The semiconductor chip shortage of 2021 perfectly demonstrates the degree to which global supply chains are interconnected, and the problems that can arise when production a chokepoint ruptures. Taiwan accounts for 63% of the global semi-conductor market by value, followed by South Korea with 18% and China on 6%. A surge in demand for semiconductors from electronics manufacturers, coupled with the worst drought in over half a century (chip makers require enormous amounts of water to clean the wafers) snarled chip production from the country. The typical lead time between ordering a chip and it being delivered increased from around 3 months pre-pandemic up to around 5 months by mid-2021.
Manufacturers of automobiles and other electronic products that are heavily dependent upon semi-conductors have faced nine months of shortages. Their plight has been made worse as they underestimated how strong demand would be, figuring that the demand shock from covid-19 would be akin to the Great Financial Crisis over a decade earlier. In anticipation of a shocking orderbook auto manufacturers cut chip orders, but then when demand surged weeks later they didn’t have sufficient chips in stock to restart production lines. According to estimates by JP Morgan, semi-conductor related production cuts by auto manufacturers amounted to 1.9 million vehicles in the second quarter of 2021.
The return of rainfall since late June has helped to replenish reservoirs in Taiwan, enabling its chip manufacturers to start work on meeting automobile demand. In the past couple weeks Taiwan Semiconductor Manufacturing Co (TSMC) announced that a rebound in chip output in the third quarter would result in an annual output increase of 60% over 2020 levels. Despite the improved manufacturing conditions, JPM still expects shortage related production cuts to total 0.4 million vehicles in Q3.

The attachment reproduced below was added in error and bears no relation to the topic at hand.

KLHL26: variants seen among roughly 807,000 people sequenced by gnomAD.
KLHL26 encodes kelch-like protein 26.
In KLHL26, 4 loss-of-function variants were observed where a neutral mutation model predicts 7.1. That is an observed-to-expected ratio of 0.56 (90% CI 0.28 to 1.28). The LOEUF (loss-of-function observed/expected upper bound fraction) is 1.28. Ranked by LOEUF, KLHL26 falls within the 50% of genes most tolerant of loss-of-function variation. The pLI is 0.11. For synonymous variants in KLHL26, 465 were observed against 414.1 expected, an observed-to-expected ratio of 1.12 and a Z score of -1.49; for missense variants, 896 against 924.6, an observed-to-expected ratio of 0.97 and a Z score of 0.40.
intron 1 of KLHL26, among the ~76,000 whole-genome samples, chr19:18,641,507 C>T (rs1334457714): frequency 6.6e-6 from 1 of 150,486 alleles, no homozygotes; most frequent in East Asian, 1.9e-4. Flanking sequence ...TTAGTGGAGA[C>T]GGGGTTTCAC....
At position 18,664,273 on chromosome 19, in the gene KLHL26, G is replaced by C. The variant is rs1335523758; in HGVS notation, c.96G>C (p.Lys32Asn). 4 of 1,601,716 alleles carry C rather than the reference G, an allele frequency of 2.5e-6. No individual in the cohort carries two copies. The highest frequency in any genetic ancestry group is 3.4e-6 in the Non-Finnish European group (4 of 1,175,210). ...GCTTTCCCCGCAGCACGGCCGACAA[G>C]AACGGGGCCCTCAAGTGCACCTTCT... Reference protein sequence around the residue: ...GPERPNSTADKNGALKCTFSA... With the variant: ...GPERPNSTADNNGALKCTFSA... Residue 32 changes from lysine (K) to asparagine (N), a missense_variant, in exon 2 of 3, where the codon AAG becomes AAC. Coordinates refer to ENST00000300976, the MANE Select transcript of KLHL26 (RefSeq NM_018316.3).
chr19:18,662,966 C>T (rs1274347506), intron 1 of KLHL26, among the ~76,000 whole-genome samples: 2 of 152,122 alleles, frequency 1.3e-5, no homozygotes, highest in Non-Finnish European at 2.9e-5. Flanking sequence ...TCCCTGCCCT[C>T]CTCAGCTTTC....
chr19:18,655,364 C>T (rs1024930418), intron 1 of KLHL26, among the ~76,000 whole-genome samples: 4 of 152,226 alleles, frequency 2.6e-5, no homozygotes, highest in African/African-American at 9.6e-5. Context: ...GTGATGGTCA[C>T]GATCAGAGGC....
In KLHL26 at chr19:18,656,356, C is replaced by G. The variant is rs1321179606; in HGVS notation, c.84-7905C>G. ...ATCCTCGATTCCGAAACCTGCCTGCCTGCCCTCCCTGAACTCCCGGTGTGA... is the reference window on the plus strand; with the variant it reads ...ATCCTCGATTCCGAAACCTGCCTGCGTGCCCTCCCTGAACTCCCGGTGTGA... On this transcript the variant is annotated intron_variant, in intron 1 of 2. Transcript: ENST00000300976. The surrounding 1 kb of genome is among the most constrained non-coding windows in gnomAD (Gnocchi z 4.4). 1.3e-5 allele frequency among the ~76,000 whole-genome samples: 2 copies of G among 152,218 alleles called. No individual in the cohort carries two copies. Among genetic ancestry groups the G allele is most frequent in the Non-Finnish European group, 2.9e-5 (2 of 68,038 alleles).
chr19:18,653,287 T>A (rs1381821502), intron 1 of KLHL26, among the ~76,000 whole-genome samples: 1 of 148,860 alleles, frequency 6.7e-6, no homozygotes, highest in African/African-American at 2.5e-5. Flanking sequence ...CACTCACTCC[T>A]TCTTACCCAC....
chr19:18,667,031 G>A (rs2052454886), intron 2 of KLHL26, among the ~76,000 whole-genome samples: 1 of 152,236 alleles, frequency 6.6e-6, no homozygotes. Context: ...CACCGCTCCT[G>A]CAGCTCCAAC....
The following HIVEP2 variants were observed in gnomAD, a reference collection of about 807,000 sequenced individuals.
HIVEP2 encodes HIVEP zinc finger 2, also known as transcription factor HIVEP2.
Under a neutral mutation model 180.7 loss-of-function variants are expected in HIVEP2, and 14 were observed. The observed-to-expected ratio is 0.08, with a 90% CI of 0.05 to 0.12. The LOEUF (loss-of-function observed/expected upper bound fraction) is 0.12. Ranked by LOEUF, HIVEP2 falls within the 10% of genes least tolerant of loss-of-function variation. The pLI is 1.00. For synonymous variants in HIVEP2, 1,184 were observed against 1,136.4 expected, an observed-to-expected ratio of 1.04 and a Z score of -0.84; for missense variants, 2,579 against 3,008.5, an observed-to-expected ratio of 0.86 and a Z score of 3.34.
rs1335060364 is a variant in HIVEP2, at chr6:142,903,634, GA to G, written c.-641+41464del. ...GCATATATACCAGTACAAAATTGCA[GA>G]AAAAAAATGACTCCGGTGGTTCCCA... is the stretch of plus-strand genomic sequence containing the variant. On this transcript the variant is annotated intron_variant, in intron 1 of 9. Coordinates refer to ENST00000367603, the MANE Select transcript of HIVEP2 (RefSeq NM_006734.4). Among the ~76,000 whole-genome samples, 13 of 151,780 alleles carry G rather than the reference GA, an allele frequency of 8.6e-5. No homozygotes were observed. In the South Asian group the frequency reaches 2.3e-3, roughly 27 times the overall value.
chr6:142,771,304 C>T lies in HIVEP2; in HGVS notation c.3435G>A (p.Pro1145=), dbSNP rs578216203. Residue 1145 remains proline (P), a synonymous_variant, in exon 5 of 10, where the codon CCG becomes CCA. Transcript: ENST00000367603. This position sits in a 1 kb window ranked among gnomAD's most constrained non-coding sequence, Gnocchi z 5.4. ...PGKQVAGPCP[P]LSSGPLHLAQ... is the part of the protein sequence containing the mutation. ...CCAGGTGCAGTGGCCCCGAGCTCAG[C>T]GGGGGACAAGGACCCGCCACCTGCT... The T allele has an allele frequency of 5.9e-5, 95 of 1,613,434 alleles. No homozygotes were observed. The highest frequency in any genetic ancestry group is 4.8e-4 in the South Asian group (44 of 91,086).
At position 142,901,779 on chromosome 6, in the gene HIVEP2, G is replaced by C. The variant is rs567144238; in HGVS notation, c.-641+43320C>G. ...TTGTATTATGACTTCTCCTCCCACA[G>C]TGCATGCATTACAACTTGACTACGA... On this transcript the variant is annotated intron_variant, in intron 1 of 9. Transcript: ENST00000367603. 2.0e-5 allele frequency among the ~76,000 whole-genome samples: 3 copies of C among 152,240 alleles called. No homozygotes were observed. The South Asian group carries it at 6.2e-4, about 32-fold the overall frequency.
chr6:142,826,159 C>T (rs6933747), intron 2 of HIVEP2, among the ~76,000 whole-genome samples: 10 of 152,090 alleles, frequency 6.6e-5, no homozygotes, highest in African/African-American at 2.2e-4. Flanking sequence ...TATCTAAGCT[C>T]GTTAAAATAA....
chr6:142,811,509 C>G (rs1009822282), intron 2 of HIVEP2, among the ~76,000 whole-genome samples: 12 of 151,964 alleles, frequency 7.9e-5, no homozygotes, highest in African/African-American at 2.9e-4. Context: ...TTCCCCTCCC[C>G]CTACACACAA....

A shortage of new cars for sale during 2021 naturally increased demand for used vehicles. The US Manheim Used Vehicle Index rose by 25% between January and May 2021 (~50% up on May 2020). Over the following two months prices have dropped by around 5%, perhaps the first tentative signs that the demand for used cars had been met. Mid-May also marked the peak in Google global search volumes for ‘semiconductor shortage’, while they also marked the low point in the share price for TSMC.
One of the key commodities to have been affected by the auto manufacturer shutdown was platinum. Prices increased by 60% between November 2020 and mid-February 2021 on the expectation of strong vehicle demand. But the extended chip delays punctured any hope of that materializing leaving prices retracing three-quarters of the earlier jump.
Roughly 40% of platinum demand is from the automotive sector and so changes in vehicle production have a significant impact on platinum fundamentals. Platinum is typically used in catalytic converters fitted to diesel cars while petrol powered cars generally use palladium. With diesel cars typically using platinum in its catalytic converter auto demand trends in Europe can have a big impact on platinum demand.
Related article: Platinum prices: The top 10 most important drivers
With signs that the worst of the semiconductor shortage may now be behind us we might see auto production accelerate over the next few months. As manufacturers have found out to their cost, relying on a small geographical area to supply an essential component can be foolish. Moving from ‘just-in-time’ to ‘just-in-case’ has put pressure on countries to diversify their chip supplies, even making the case for building capacity nearer to their manufacturing bases. The semi-conductor shortage will also scare manufacturers into the risks present in other essential components – platinum for example is even more concentrated with South Africa accounting for some 70% of global mined production. That might now mean that auto manufacturers consider security of platinum supply much more important than price.
Manufacturers may also be looking further down the horizon to a potentially huge competitor for their platinum supplies. The precious metal is at the forefront of two key technologies that could unlock a zero-emissions hydrogen economy – electrolysers and fuel cells. While the so-called ‘hydrogen economy’ has seen booms, and busts before the decline in renewable electricity costs and the political will behind hydrogen may mean that demand for platinum is already increasing in anticipation of green-hydrogen becoming a reality.
Related article: The hydrogen economy and the battle for zero-carbon supremacy
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